The software the pilots used had some short comings in that the user had to manually select points for the back-and-forth flight path we wanted. As a software guy, this seemed tedious. I would rather draw a quick polygon or box around my area of interest and have that converted to a flight pattern. Perhaps that could be a new feature for Global Mapper Mobile in the future? In this case, our area of interest was our building, so it did not take long to manually designate the flight pattern by selecting waypoints for the drone to fly back and forth. We also set up the drone camera for the light conditions, and programmed it to capture an image every two seconds during the flight. One practical lesson we learned was that a good staging area for the laptop is preferable on a sunny day. We used the back of an SUV for the shade, so we could see the laptop screen and comfortably program the software.

After a bit of work we were ready to fly.

Rotors are attached to droneChelsea E | Projections
Certified UAV pilot Greg Gilda puts the rotors on the drone before it’s sent on a flight path over the Blue Marble headquarters.

Flying the Drone and Collecting Data

We set the drone on a circular landing pad made of nylon near the back of our property. Greg attached the rotor blades, very carefully I might add. The blades attach rather easily to the quad copter by snapping into place. Dan explained that this step was done before turning the drone on, saying something to the effect of “you don’t want to lose a finger”.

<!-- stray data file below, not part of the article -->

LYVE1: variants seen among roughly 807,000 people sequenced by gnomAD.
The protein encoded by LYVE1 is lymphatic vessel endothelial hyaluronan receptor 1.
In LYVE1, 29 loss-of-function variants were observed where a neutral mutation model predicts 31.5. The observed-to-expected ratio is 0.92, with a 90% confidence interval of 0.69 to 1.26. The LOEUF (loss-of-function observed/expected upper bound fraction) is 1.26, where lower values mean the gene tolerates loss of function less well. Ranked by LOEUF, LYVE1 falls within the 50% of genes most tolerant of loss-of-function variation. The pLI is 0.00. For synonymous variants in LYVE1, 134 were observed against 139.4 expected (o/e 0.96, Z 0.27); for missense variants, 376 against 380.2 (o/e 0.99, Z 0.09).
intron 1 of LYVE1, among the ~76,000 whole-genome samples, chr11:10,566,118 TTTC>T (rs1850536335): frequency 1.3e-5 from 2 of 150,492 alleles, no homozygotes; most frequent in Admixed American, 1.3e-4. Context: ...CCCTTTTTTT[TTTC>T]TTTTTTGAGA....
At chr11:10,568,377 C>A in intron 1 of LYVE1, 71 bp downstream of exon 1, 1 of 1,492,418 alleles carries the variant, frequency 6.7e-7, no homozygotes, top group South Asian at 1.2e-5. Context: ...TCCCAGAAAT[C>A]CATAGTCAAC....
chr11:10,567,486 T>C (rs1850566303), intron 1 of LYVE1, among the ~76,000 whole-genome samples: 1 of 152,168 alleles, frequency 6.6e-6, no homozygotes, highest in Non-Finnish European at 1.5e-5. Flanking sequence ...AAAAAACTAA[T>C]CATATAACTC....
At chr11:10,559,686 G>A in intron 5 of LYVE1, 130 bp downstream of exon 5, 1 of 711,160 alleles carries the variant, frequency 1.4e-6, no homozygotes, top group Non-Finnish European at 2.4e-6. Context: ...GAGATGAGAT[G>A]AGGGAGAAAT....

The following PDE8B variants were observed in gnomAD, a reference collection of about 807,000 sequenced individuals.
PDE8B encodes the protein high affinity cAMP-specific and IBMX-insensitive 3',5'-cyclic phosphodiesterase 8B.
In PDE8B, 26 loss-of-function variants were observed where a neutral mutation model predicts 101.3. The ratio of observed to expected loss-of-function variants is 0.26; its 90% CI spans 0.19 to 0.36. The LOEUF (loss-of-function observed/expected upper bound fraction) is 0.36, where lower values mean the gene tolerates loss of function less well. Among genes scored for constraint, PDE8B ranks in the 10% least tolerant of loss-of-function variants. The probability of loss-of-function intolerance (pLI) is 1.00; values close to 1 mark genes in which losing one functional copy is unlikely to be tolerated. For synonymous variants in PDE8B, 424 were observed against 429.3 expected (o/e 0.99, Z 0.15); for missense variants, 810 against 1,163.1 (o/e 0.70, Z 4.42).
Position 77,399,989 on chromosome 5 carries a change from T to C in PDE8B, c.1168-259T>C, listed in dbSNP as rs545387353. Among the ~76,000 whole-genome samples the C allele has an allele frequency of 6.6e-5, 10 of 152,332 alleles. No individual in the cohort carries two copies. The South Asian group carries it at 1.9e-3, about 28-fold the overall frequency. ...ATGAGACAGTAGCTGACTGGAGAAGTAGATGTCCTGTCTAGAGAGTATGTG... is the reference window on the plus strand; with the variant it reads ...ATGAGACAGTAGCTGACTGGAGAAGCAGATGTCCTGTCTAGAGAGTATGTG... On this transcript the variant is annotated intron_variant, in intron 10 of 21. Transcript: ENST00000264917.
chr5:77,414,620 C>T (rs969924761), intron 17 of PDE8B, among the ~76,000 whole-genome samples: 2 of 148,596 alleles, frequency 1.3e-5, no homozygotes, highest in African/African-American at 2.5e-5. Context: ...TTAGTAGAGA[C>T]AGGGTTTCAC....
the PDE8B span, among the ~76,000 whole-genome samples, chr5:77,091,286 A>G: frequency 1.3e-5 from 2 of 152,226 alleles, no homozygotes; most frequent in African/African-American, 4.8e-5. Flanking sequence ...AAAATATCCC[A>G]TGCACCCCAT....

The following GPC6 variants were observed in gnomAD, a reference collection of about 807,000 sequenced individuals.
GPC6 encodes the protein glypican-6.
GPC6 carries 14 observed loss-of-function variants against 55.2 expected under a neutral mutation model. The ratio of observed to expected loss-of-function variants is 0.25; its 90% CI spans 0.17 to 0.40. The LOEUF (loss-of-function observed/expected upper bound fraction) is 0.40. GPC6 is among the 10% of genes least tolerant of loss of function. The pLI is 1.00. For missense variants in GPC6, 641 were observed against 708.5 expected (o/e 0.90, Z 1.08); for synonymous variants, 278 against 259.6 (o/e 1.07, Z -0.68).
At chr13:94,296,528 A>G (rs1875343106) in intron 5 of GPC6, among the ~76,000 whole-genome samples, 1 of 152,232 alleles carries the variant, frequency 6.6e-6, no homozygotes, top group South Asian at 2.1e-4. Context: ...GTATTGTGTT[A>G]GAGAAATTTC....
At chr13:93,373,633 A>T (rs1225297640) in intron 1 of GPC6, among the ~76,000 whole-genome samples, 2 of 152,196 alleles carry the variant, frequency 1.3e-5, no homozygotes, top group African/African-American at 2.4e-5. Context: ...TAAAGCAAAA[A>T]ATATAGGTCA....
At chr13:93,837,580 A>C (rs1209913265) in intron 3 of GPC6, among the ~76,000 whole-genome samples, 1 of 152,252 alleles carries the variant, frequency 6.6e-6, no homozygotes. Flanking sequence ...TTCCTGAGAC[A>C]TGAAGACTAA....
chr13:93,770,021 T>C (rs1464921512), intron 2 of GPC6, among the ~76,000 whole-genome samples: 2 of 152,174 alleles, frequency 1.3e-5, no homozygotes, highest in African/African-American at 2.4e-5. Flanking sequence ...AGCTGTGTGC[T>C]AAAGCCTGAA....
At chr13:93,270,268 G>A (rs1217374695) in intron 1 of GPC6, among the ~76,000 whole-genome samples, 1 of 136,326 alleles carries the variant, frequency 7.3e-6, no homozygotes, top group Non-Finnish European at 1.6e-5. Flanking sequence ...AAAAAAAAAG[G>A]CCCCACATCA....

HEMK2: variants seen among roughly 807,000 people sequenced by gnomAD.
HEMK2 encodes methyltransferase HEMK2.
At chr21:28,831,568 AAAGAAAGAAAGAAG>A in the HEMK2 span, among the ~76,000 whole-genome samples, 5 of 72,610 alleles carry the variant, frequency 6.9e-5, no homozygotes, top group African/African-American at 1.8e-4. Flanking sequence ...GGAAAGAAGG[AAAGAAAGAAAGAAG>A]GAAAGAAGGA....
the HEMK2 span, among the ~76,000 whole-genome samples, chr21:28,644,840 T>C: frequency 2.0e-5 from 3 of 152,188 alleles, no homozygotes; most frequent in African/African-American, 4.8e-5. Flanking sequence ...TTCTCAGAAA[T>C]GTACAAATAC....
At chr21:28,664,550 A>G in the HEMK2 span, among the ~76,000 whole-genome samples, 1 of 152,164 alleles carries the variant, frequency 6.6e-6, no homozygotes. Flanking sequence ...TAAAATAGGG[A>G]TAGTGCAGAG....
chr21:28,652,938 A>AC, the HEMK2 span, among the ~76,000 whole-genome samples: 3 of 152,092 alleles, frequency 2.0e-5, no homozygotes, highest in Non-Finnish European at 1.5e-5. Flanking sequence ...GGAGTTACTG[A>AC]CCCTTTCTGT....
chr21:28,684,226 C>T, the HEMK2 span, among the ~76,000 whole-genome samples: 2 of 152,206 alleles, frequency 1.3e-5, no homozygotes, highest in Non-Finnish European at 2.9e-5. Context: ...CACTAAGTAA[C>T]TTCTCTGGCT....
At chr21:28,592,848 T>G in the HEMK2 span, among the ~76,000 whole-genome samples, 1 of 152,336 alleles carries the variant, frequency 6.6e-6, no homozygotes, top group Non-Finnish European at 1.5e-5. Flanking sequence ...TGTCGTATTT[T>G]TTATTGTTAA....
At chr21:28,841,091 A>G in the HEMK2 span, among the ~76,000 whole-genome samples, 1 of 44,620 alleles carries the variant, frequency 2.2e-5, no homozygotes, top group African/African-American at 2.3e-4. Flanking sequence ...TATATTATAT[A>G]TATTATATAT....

Once the UAV was ready to fly we all stepped back. Dan launched it into the air with the touch of a button or two, and the drone began its pre-programmed flight path. For those experienced pilots, you might notice that we did not discuss ground control. More on that in a later blog entry, I suppose, but these early tests were not including that. The flight went seamlessly and Dan only took over manual control as he brought the drone in for a landing — a personal preference of his.

Everything seemed to progress well but we quickly learned that the drone ended up capturing only video (see below) and not still photography. A few more attempts later, we sadly learned that we would not be able to collect still imagery that day. Apparently there was some incompatibility with the flight planning software and the drone. Not to fear, they agreed to return another day after a software update to collect the imagery. So perhaps the most important lesson of the day was that, despite the best laid plans of mice and men, things do not always go as planned with drone data collection. If you’re interested in learning some more about the foils and follies of drone data collection visit this handy resource:  http://knowbeforeyoufly.org/